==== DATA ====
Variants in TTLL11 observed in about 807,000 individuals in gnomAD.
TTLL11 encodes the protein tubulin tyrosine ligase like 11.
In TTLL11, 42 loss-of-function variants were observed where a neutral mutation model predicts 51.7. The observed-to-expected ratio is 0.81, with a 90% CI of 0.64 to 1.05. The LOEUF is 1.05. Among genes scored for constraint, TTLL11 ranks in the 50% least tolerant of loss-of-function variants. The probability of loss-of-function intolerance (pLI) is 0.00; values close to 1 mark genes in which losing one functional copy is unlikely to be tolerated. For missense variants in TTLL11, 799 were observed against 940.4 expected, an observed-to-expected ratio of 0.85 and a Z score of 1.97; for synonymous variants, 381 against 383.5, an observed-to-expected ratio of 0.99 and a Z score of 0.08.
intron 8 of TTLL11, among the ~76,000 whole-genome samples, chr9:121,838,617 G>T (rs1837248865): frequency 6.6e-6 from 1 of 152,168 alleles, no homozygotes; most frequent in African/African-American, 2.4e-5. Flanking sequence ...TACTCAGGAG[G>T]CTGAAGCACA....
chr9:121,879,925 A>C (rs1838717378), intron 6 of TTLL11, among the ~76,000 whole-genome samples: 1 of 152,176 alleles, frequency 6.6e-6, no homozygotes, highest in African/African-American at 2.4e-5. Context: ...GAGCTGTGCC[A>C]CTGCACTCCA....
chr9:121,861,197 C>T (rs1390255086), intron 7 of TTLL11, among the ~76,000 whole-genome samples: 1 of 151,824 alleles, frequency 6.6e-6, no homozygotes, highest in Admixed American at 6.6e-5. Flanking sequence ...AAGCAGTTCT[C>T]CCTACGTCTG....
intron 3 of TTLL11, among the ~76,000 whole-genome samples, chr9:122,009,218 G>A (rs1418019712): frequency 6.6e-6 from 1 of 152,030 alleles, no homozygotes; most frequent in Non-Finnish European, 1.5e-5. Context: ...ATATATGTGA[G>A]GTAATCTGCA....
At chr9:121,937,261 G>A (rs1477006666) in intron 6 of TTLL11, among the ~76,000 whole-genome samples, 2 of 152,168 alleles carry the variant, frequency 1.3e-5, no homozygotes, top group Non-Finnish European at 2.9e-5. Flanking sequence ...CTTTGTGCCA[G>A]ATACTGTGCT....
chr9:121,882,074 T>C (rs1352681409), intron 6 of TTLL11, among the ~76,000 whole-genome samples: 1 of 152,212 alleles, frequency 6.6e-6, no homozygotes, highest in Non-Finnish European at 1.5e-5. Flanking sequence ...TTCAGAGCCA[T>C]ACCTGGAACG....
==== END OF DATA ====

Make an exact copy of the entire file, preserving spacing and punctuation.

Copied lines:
Variants in TTLL11 observed in about 807,000 individuals in gnomAD.
TTLL11 encodes the protein tubulin tyrosine ligase like 11.
In TTLL11, 42 loss-of-function variants were observed where a neutral mutation model predicts 51.7. The observed-to-expected ratio is 0.81, with a 90% CI of 0.64 to 1.05. The LOEUF is 1.05. Among genes scored for constraint, TTLL11 ranks in the 50% least tolerant of loss-of-function variants. The probability of loss-of-function intolerance (pLI) is 0.00; values close to 1 mark genes in which losing one functional copy is unlikely to be tolerated. For missense variants in TTLL11, 799 were observed against 940.4 expected, an observed-to-expected ratio of 0.85 and a Z score of 1.97; for synonymous variants, 381 against 383.5, an observed-to-expected ratio of 0.99 and a Z score of 0.08.
intron 8 of TTLL11, among the ~76,000 whole-genome samples, chr9:121,838,617 G>T (rs1837248865): frequency 6.6e-6 from 1 of 152,168 alleles, no homozygotes; most frequent in African/African-American, 2.4e-5. Flanking sequence ...TACTCAGGAG[G>T]CTGAAGCACA....
chr9:121,879,925 A>C (rs1838717378), intron 6 of TTLL11, among the ~76,000 whole-genome samples: 1 of 152,176 alleles, frequency 6.6e-6, no homozygotes, highest in African/African-American at 2.4e-5. Context: ...GAGCTGTGCC[A>C]CTGCACTCCA....
chr9:121,861,197 C>T (rs1390255086), intron 7 of TTLL11, among the ~76,000 whole-genome samples: 1 of 151,824 alleles, frequency 6.6e-6, no homozygotes, highest in Admixed American at 6.6e-5. Flanking sequence ...AAGCAGTTCT[C>T]CCTACGTCTG....
intron 3 of TTLL11, among the ~76,000 whole-genome samples, chr9:122,009,218 G>A (rs1418019712): frequency 6.6e-6 from 1 of 152,030 alleles, no homozygotes; most frequent in Non-Finnish European, 1.5e-5. Context: ...ATATATGTGA[G>A]GTAATCTGCA....
At chr9:121,937,261 G>A (rs1477006666) in intron 6 of TTLL11, among the ~76,000 whole-genome samples, 2 of 152,168 alleles carry the variant, frequency 1.3e-5, no homozygotes, top group Non-Finnish European at 2.9e-5. Flanking sequence ...CTTTGTGCCA[G>A]ATACTGTGCT....
chr9:121,882,074 T>C (rs1352681409), intron 6 of TTLL11, among the ~76,000 whole-genome samples: 1 of 152,212 alleles, frequency 6.6e-6, no homozygotes, highest in Non-Finnish European at 1.5e-5. Flanking sequence ...TTCAGAGCCA[T>C]ACCTGGAACG....